Just after someone dies, there is a lot of busywork to do. Contacting friends and family, getting accounts in order, planning the funeral. But when all of the “stuff” is taken care of and the well-wishers start to fade, you may find that you are just left with yourself, alone with your grief. How can you learn to find happiness in this “new normal?” Read more in Good Grief: Heal Your Soul, Honor Your Loved Ones, and Learn to Live Again.
After the initial fury that comes with laying your loved one to rest, it’s normal to feel like your life has come to a complete halt while everyone else’s moves on. You have been forever altered, yet the world doesn’t change its plans or pace on your account. People have babies, buy houses, go on vacation, become grandparents—and here you are, left to pick up the pieces alone. Despair and isolation dominate your thoughts. You don’t know how to talk about your feelings, yet you feel disconnected from anyone who tries to ask. You wonder if this is bad behavior, but you’re secretly too exhausted to care. You don’t recognize your life or any of the relationships in it. You feel utterly alone, confused, and lost at sea.
This reminds me of how my client Clara felt after she lost her husband, Jo, to a heart attack while they were on a cruise. For two weeks after the funeral, her home was full of food, friends, and family. “You can’t imagine the trays of breakfast meals, sandwiches, pasta, meat-balls, eggplant,” she says. “We ate and talked about Jo, and everyone took turns helping out with the yard work. It was really insane, the generosity of people.” Yet after three months, Clara felt a jarring shift. “Friends and family went back to their familiar lives, whereas mine became drastically foreign and lonely,” she said. “My finances and parenting prospects had changed. I came home to an empty house every night.” Adding insult to injury, life also became logistically harder. “I started walking to and from the bus station, because I had nobody to drive me,” Clara said, “and when it rained, my dad had to drive a half hour to pick me up.”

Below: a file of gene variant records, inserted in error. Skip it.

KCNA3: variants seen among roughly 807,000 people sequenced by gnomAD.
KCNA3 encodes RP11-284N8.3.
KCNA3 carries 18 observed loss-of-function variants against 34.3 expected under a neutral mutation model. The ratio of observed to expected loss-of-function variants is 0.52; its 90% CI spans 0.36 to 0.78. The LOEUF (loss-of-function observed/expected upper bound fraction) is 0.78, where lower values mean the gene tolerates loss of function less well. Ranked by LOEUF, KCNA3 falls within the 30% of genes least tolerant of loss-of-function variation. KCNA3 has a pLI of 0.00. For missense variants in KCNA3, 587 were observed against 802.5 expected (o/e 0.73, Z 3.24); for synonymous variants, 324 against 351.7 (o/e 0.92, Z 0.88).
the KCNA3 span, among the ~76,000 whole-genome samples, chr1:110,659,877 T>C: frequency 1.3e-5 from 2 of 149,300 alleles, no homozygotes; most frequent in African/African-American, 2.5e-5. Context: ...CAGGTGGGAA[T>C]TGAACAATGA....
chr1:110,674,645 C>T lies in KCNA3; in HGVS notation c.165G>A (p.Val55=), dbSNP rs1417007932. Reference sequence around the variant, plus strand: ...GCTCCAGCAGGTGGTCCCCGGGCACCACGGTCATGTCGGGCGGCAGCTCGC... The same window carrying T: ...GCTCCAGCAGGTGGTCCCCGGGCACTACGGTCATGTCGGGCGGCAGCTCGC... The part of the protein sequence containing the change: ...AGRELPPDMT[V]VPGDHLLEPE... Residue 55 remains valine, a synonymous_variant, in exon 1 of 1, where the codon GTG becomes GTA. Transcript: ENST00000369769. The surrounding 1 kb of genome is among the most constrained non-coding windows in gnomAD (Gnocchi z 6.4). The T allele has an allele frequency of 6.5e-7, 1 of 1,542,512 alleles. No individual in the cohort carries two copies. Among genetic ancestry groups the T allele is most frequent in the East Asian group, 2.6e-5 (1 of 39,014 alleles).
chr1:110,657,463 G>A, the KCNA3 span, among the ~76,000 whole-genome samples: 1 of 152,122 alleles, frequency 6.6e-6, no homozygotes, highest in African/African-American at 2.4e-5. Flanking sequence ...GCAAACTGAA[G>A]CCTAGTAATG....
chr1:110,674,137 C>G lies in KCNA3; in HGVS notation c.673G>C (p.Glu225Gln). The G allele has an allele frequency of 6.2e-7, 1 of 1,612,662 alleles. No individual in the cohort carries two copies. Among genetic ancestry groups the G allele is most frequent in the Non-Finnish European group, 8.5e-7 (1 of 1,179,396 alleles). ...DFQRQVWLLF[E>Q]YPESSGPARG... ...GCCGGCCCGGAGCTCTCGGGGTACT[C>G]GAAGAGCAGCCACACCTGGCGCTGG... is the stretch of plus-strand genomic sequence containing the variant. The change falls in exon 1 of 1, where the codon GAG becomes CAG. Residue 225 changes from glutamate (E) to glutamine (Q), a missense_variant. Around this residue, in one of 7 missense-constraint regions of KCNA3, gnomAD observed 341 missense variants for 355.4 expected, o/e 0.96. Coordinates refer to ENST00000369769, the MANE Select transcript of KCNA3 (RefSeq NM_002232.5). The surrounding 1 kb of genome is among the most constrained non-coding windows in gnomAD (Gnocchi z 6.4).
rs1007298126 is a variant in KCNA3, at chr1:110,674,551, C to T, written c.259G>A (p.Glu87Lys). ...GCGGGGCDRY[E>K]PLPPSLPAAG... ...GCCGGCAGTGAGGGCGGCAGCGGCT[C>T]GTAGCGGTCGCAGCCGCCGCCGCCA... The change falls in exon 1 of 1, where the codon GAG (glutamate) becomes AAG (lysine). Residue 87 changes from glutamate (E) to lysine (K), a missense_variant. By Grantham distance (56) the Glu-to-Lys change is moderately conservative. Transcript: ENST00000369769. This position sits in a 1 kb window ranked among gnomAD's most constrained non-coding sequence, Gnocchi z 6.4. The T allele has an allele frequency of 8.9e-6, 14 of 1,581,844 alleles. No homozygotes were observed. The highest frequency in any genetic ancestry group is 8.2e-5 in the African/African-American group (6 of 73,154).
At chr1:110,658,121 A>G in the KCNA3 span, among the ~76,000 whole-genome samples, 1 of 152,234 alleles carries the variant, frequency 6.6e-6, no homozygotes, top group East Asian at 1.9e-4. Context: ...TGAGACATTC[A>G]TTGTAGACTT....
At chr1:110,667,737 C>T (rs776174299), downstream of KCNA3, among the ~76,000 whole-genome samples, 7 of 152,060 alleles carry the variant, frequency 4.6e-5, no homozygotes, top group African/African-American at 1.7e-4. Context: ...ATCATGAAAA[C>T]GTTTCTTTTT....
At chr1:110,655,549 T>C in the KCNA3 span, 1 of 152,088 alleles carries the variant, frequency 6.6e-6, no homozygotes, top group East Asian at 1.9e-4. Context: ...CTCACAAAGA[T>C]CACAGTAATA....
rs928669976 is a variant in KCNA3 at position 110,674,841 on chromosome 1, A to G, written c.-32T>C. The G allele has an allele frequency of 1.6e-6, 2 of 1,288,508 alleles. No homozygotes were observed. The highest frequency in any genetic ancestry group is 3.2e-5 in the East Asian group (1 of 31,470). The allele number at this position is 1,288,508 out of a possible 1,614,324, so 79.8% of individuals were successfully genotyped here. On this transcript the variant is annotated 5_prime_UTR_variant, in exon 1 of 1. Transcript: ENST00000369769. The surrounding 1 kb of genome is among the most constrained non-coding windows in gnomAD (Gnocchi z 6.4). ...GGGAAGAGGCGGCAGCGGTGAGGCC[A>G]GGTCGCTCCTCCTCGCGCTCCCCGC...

When clients feel this kind of initial sadness and displacement, Spirit acknowledges it and then assures them that sparks of hope
are within reach. To demonstrate this in a reading, loved ones bring up happy memories that make you smile, but you can just as easily recall them on your own. Spirit’s intention isn’t to rub your nose in the past but to show you that if you can respond to a story in a positive way, you are capable of feeling temporary breaks in sadness—if not genuine, occasional joy. The more you allow yourself to feel and experience good things, the more room you’ll make for other encouraging thoughts to carry you along. Look, I’m not saying you’ll feel the same kind of happiness you did before your loss, but the emotional and practical upheaval that comes with death will feel a little more bearable. Grief is a part of life, but that doesn’t make it any easier. For a bit more help and guidance after the funeral, try one of these 11 books.